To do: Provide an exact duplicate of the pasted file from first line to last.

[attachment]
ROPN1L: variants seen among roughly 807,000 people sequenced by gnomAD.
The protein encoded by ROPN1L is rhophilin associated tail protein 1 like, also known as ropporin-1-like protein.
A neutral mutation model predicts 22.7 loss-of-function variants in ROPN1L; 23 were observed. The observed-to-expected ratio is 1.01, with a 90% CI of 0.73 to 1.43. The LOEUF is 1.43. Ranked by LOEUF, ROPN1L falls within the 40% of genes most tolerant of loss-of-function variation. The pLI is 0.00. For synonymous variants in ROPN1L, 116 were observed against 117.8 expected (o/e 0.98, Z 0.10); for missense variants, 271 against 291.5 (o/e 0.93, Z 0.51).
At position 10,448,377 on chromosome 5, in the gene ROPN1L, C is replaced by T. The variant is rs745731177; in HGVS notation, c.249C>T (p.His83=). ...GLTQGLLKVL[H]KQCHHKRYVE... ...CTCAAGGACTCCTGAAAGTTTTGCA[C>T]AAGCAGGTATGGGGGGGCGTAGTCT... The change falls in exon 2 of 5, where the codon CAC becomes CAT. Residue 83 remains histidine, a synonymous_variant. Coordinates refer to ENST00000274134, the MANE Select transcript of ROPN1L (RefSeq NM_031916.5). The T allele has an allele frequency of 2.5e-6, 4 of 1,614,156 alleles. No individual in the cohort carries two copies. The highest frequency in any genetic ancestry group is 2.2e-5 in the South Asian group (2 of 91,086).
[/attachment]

ROPN1L: variants seen among roughly 807,000 people sequenced by gnomAD.
The protein encoded by ROPN1L is rhophilin associated tail protein 1 like, also known as ropporin-1-like protein.
A neutral mutation model predicts 22.7 loss-of-function variants in ROPN1L; 23 were observed. The observed-to-expected ratio is 1.01, with a 90% CI of 0.73 to 1.43. The LOEUF is 1.43. Ranked by LOEUF, ROPN1L falls within the 40% of genes most tolerant of loss-of-function variation. The pLI is 0.00. For synonymous variants in ROPN1L, 116 were observed against 117.8 expected (o/e 0.98, Z 0.10); for missense variants, 271 against 291.5 (o/e 0.93, Z 0.51).
At position 10,448,377 on chromosome 5, in the gene ROPN1L, C is replaced by T. The variant is rs745731177; in HGVS notation, c.249C>T (p.His83=). ...GLTQGLLKVL[H]KQCHHKRYVE... ...CTCAAGGACTCCTGAAAGTTTTGCA[C>T]AAGCAGGTATGGGGGGGCGTAGTCT... The change falls in exon 2 of 5, where the codon CAC becomes CAT. Residue 83 remains histidine, a synonymous_variant. Coordinates refer to ENST00000274134, the MANE Select transcript of ROPN1L (RefSeq NM_031916.5). The T allele has an allele frequency of 2.5e-6, 4 of 1,614,156 alleles. No individual in the cohort carries two copies. The highest frequency in any genetic ancestry group is 2.2e-5 in the South Asian group (2 of 91,086).